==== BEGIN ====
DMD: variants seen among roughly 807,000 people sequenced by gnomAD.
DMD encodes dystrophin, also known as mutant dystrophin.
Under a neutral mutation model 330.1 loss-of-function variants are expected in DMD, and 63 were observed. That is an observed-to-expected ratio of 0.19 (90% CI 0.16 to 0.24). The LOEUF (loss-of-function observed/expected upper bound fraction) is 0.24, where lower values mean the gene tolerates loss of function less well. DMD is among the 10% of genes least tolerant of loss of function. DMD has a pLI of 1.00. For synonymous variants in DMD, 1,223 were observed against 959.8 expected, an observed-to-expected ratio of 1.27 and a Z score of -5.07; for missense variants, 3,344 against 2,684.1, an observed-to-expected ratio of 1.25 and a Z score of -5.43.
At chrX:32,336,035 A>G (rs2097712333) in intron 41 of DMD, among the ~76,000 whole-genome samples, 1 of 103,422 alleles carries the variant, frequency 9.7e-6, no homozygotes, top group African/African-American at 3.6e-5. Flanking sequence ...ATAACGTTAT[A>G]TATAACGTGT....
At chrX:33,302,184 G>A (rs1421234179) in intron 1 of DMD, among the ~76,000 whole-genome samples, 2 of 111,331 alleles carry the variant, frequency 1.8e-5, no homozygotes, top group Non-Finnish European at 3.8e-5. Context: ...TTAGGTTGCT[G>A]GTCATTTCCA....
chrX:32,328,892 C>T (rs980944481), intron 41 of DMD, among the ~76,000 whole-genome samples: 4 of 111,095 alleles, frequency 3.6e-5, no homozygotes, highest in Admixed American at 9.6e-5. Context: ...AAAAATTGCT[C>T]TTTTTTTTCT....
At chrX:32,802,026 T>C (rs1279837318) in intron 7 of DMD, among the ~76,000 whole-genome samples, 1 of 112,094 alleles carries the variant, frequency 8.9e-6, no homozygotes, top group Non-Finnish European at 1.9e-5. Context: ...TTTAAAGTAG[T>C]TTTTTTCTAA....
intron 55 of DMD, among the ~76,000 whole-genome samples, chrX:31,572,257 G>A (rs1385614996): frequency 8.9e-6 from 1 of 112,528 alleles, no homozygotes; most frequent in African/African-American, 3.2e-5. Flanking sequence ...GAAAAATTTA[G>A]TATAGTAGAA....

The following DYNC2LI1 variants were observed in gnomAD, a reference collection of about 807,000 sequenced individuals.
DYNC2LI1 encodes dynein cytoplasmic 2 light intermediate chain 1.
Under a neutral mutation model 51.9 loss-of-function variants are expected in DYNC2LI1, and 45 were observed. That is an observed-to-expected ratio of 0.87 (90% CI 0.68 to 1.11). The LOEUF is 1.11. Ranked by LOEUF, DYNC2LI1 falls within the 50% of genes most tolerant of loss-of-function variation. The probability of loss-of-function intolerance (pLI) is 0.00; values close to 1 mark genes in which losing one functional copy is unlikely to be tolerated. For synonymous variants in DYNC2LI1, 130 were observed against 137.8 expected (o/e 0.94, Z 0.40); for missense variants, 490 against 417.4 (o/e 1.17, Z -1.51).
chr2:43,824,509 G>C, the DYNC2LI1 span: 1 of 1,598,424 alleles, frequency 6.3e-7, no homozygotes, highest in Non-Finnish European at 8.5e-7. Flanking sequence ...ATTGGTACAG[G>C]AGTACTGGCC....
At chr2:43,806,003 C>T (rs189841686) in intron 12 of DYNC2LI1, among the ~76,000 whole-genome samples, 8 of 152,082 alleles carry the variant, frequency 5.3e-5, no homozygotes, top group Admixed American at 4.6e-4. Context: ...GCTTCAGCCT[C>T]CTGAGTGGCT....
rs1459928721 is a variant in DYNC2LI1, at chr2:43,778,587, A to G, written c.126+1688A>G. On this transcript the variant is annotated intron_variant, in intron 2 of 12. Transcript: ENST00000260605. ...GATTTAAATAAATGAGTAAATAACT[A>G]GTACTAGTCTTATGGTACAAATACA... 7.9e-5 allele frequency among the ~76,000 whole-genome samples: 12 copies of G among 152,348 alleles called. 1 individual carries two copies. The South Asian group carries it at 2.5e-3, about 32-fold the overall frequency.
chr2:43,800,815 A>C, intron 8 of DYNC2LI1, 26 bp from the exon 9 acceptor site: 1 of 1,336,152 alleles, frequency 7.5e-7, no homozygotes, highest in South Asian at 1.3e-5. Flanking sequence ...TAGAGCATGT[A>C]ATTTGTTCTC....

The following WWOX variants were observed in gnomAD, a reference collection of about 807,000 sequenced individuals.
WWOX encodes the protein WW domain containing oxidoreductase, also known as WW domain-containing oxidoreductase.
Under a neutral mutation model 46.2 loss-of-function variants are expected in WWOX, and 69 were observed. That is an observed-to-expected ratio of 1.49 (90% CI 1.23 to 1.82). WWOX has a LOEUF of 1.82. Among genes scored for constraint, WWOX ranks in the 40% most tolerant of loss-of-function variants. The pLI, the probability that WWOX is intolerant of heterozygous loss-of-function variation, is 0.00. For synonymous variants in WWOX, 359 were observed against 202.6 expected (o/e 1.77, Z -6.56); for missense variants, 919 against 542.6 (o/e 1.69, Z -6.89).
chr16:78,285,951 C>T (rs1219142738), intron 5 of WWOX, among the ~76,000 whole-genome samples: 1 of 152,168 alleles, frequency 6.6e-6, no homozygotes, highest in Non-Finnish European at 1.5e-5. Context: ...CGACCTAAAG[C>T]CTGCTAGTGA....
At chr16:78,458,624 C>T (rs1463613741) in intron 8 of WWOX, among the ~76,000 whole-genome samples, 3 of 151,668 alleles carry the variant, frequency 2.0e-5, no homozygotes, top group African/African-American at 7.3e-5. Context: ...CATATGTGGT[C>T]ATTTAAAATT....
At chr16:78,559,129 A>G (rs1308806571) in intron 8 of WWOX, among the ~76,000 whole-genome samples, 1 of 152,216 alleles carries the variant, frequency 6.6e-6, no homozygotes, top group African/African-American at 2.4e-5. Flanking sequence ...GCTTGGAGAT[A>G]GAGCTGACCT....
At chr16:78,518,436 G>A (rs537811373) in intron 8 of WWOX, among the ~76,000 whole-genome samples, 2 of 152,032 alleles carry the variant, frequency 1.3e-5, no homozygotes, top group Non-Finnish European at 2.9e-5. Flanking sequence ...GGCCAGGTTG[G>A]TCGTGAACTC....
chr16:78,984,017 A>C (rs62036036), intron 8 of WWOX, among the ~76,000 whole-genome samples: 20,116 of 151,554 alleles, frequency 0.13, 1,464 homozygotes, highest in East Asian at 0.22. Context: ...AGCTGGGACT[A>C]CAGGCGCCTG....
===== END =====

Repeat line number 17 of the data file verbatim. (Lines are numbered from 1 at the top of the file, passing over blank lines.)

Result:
WWOX encodes the protein WW domain containing oxidoreductase, also known as WW domain-containing oxidoreductase.